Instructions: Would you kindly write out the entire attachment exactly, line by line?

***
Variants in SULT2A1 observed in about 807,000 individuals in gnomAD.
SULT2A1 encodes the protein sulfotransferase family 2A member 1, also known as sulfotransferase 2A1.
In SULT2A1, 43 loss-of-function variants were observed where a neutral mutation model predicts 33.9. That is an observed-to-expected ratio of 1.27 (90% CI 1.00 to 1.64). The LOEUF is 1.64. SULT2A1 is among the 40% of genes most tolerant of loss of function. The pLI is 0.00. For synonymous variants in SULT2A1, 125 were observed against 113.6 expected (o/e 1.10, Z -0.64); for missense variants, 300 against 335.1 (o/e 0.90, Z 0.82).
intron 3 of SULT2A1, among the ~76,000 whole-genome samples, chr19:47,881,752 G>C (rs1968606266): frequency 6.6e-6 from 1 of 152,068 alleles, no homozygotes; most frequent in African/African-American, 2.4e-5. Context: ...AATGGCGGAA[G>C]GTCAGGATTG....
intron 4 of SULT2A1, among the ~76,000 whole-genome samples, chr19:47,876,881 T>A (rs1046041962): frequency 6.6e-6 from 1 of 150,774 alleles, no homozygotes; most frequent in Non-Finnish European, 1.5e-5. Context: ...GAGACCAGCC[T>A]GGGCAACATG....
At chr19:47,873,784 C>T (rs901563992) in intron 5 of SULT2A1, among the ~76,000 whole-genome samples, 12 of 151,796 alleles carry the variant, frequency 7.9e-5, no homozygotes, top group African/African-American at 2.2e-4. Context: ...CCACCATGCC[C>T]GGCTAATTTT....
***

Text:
Variants in SULT2A1 observed in about 807,000 individuals in gnomAD.
SULT2A1 encodes the protein sulfotransferase family 2A member 1, also known as sulfotransferase 2A1.
In SULT2A1, 43 loss-of-function variants were observed where a neutral mutation model predicts 33.9. That is an observed-to-expected ratio of 1.27 (90% CI 1.00 to 1.64). The LOEUF is 1.64. SULT2A1 is among the 40% of genes most tolerant of loss of function. The pLI is 0.00. For synonymous variants in SULT2A1, 125 were observed against 113.6 expected (o/e 1.10, Z -0.64); for missense variants, 300 against 335.1 (o/e 0.90, Z 0.82).
intron 3 of SULT2A1, among the ~76,000 whole-genome samples, chr19:47,881,752 G>C (rs1968606266): frequency 6.6e-6 from 1 of 152,068 alleles, no homozygotes; most frequent in African/African-American, 2.4e-5. Context: ...AATGGCGGAA[G>C]GTCAGGATTG....
intron 4 of SULT2A1, among the ~76,000 whole-genome samples, chr19:47,876,881 T>A (rs1046041962): frequency 6.6e-6 from 1 of 150,774 alleles, no homozygotes; most frequent in Non-Finnish European, 1.5e-5. Context: ...GAGACCAGCC[T>A]GGGCAACATG....
At chr19:47,873,784 C>T (rs901563992) in intron 5 of SULT2A1, among the ~76,000 whole-genome samples, 12 of 151,796 alleles carry the variant, frequency 7.9e-5, no homozygotes, top group African/African-American at 2.2e-4. Context: ...CCACCATGCC[C>T]GGCTAATTTT....